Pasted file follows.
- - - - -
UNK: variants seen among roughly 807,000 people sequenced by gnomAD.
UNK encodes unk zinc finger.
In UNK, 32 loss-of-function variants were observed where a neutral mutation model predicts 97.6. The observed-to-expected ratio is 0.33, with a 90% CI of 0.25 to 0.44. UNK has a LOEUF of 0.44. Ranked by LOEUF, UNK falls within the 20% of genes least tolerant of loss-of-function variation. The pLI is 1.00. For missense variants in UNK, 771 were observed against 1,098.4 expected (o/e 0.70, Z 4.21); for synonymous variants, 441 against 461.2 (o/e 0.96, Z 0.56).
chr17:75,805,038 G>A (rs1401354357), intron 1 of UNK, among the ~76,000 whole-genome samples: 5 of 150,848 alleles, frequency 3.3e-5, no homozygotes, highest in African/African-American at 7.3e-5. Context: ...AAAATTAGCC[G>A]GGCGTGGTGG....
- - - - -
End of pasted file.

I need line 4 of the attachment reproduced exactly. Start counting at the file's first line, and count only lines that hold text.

chr17:75,805,038 G>A (rs1401354357), intron 1 of UNK, among the ~76,000 whole-genome samples: 5 of 150,848 alleles, frequency 3.3e-5, no homozygotes, highest in African/African-American at 7.3e-5. Context: ...AAAATTAGCC[G>A]GGCGTGGTGG....